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Mouth Ulcers

Mouth Ulcers

A Mouth Ulcer is the erosion of part of the delicate tissue that lines the inside of the mouth (mucous membrane).

Certain medications, chemicals and infectious diseases such as herpes or thrush can cause Mouth Ulcers. The most common cause is injury, such as from ill-fitting dentures or accidentally biting your cheek. In most cases, Mouth Ulcers are harmless and resolve without treatment within a few days.

Aphthous ulcers are recurring ulcers with no known cause that affect around 20 per cent of the population. Aphthous ulcers usually first occur between the ages of 10 and 40, recurring from time to time. There can be days, weeks, months, or years between each bout of ulcers.
As a person becomes older, apthous Mouth Ulcers tend to recur less often and in many cases, stop coming back altogether. Some people feel a burning in part(s) of the mouth for a day or so before an ulcer appears.

• Minor aphthous ulcers are the most common. These are small, round, or oval, and are less than 10 mm across. These ulcers are pale yellow with red and swollen surrounding tissue. Between 1 to 5 ulcers may develop at the same time. Each ulcer lasts from 10 to 14 days, is not very painful and resolves without leaving a scar.
• Major aphthous ulcers occur in about 1 in 10 cases. These are 10 mm or larger. Usually only one or two appear at a time. Each ulcer lasts from two weeks to several months, and then resolves, leaving a scar. These ulcers can be very painful and eating and talking may become difficult.
• Pinpoint aphthous ulcers occur in about 1 in 10 cases. These are tiny, between 1 to 2 mm across. Many occur at the same time, but some may join together and form irregular shapes. Each ulcer lasts from 1 week to 2 months.

The symptoms of a Mouth Ulcer depend on the cause but may include:
• A round sore or sores inside the mouth
•Swollen tissue around the sores
•Problems with chewing or tooth brushing because of the tenderness
•Irritation of the sores by salty, spicy or sour foods
•Loss of appetite.

As with all medical conditions your Doctor should be consulted for diagnosis and treatment. Most Mouth Ulcers are harmless and resolve without treatment within 2 weeks. Health management involves relieving the symptoms and protecting the ulcers from further irritation. Other types of Mouth Ulcers, such as the major aphthous variety, or those caused by herpes simplex infection, need medical treatment. Your Doctor may prescribe anti-inflammatory, anti-viral or anti-fungal drugs depending on the cause of the Mouth Ulcer. It is not possible to speed the recovery of Mouth Ulcers, but the symptoms can be managed and the risk of complications reduced.
The range of treatment options includes:
• Avoiding spicy and sour foods until the ulcers heal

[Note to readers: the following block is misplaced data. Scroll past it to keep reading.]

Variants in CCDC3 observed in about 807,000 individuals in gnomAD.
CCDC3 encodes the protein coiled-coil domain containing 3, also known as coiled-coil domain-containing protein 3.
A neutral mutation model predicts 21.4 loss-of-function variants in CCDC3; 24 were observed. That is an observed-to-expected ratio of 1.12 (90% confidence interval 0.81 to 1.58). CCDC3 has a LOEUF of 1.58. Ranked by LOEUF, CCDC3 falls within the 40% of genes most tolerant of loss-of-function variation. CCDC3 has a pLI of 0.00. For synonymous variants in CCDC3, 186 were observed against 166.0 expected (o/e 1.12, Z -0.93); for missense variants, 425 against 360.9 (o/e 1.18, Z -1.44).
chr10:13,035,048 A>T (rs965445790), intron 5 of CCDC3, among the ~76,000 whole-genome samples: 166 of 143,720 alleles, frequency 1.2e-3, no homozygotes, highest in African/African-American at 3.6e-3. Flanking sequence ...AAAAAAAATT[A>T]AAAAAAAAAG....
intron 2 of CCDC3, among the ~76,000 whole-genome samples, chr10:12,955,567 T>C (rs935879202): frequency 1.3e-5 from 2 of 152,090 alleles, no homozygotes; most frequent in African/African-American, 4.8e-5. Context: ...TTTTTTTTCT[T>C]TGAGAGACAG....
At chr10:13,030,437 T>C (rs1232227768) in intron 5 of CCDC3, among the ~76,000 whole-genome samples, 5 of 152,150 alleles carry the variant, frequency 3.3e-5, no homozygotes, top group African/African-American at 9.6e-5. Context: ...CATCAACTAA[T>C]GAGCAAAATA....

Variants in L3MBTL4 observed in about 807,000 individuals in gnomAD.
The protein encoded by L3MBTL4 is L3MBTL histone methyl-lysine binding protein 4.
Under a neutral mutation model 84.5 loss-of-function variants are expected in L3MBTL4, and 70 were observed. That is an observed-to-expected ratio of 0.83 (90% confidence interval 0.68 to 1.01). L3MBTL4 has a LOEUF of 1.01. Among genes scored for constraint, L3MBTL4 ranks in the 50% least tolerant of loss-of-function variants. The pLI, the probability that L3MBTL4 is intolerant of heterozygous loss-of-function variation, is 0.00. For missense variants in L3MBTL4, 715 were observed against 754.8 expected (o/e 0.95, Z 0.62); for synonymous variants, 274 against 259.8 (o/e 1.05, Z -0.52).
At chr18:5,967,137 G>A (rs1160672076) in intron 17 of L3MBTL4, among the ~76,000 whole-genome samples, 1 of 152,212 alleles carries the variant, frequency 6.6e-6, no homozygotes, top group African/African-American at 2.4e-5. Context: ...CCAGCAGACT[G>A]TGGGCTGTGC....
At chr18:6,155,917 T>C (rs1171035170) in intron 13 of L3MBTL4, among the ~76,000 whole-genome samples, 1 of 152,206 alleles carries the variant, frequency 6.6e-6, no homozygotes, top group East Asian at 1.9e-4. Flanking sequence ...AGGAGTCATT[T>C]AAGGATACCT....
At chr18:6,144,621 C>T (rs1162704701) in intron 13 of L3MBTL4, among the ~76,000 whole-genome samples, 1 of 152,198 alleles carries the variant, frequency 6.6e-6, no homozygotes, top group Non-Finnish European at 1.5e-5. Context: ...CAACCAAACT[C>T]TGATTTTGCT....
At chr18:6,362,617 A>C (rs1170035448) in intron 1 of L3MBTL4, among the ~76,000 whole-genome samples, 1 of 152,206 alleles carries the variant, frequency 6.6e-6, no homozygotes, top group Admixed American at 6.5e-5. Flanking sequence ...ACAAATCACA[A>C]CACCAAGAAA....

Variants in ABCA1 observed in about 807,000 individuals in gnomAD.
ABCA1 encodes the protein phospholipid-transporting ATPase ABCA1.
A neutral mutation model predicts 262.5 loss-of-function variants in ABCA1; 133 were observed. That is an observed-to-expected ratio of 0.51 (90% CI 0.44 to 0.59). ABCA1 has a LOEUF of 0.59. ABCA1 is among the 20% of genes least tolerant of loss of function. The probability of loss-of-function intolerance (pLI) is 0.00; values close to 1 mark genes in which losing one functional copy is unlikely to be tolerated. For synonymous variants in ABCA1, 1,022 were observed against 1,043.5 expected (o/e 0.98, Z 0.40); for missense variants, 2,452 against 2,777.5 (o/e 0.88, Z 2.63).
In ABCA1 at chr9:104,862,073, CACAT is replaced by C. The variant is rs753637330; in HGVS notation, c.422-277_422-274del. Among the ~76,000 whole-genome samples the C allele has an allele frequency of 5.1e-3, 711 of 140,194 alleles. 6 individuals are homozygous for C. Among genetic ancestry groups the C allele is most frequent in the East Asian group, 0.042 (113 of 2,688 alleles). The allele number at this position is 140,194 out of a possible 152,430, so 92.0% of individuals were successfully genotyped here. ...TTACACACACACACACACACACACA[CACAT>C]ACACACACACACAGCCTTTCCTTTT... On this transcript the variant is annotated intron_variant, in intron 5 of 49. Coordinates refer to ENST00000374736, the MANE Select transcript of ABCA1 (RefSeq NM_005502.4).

• Drinking plenty of fluids
• Regularly rinsing your mouth out with warm, slightly salted water
• Keeping the mouth clean
• Taking pain-killing medication, such as paracetamol
• Applying antiseptic gel to the ulcers
• Using a medicated mouthwash
• Using steroid gels or tablets.

Mouth Ulcers are thought to occur from a low immunity and poor nutrition.
• A wholesome diet including plenty of fresh green vegetables is recommended. Foods should be only lightly cooked to keep the vitamin level high. Fresh fruits are also vital but some acid fruits, particularly citrus fruits, are not recommended as they may irritate the ulcers.
• Acidic and salty foods, for example vinegar, sugary foods, meats and coffee, should be eaten only in moderation.
• Garlic and onions can also be used in cooking.
• Foods high in B vitamins (particularly B5 & B12) may help the nervous system. These include beans, eggs, sprouts, currants, brewers yeast and vegetables.
• Natural unsweetened yoghurt, which contains acidophilus, may help healing and infection.

• A deficiency in iron, folic acid or vitamin B12 may increase the risk of Mouth Ulcers
• Vitamin C can be taken to stimulate the immune system.
• Zinc solution may be gargled to aid accelerate wound healing.
• Acidophilus bifidus may be taken to control microbial overgrowth in the gut. Microbial overgrowth may play a role in this condition. Acidophilus also aids in the absorption of the B vitamins.
• Echinacea may be taken for its immune stimulating properties.
• Vitamin A may be taken for its healing of mucous membranes properties along with calendula, which has, astringent and tissue healing properties.

Ask your MedAux Pharmacist for advice.
1. Follow the Diet Hints.
2. Use an antiseptic ulcer gel or an anti-inflammatory paste available at your Pharmacy. Ask your Pharmacist to recommend a suitable product.
3. A local anaesthetic mouthwash will help take away the pain of a Mouth Ulcer before eating.
4. Check for food reactions e.g., chocolate, wheat foods, dairy foods, and citrus fruits. Try to minimise stress. Stress is thought to promote the development of ulcers in the body.
5. Try using non-fluoride toothpaste with as little flavouring as possible. Some people may be sensitive to fluoride and/or artificial flavourings, which are added to many types of toothpaste.
6. Pain relief tablets (e.g., aspirin), should not be held in the mouth or placed in the area of the Mouth Ulcers before swallowing as the chemical may burn and damage the gums. Paracetamol has a less irritating effect on the mucous membrane, which lines the mouth and entire digestive tract.
7. If the diet is inadequate consider the supplements suggested in this topic. A deficiency in iron, folic acid or vitamin B12 may increase the risk of Mouth Ulcers Ask your Pharmacist for advice.

Aspirin should not be given to children under 16 years of age unless specified by a Doctor.

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